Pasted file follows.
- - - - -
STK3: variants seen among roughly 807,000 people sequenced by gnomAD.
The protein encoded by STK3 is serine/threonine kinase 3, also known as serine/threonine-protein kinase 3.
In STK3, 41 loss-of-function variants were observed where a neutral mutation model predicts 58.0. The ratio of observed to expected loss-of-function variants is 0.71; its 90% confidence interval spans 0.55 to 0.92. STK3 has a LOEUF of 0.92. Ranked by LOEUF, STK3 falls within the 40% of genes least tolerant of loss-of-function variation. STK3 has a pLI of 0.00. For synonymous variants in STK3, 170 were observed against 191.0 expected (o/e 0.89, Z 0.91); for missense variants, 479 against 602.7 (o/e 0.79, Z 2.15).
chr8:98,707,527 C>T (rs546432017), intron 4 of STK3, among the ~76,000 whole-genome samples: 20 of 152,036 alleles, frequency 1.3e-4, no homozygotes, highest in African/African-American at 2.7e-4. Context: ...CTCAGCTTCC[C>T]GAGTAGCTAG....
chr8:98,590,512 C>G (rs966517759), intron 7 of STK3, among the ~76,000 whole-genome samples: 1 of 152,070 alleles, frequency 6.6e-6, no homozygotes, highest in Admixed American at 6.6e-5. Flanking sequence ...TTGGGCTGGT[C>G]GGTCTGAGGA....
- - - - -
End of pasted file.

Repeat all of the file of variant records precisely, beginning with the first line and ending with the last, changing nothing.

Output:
STK3: variants seen among roughly 807,000 people sequenced by gnomAD.
The protein encoded by STK3 is serine/threonine kinase 3, also known as serine/threonine-protein kinase 3.
In STK3, 41 loss-of-function variants were observed where a neutral mutation model predicts 58.0. The ratio of observed to expected loss-of-function variants is 0.71; its 90% confidence interval spans 0.55 to 0.92. STK3 has a LOEUF of 0.92. Ranked by LOEUF, STK3 falls within the 40% of genes least tolerant of loss-of-function variation. STK3 has a pLI of 0.00. For synonymous variants in STK3, 170 were observed against 191.0 expected (o/e 0.89, Z 0.91); for missense variants, 479 against 602.7 (o/e 0.79, Z 2.15).
chr8:98,707,527 C>T (rs546432017), intron 4 of STK3, among the ~76,000 whole-genome samples: 20 of 152,036 alleles, frequency 1.3e-4, no homozygotes, highest in African/African-American at 2.7e-4. Context: ...CTCAGCTTCC[C>T]GAGTAGCTAG....
chr8:98,590,512 C>G (rs966517759), intron 7 of STK3, among the ~76,000 whole-genome samples: 1 of 152,070 alleles, frequency 6.6e-6, no homozygotes, highest in Admixed American at 6.6e-5. Flanking sequence ...TTGGGCTGGT[C>G]GGTCTGAGGA....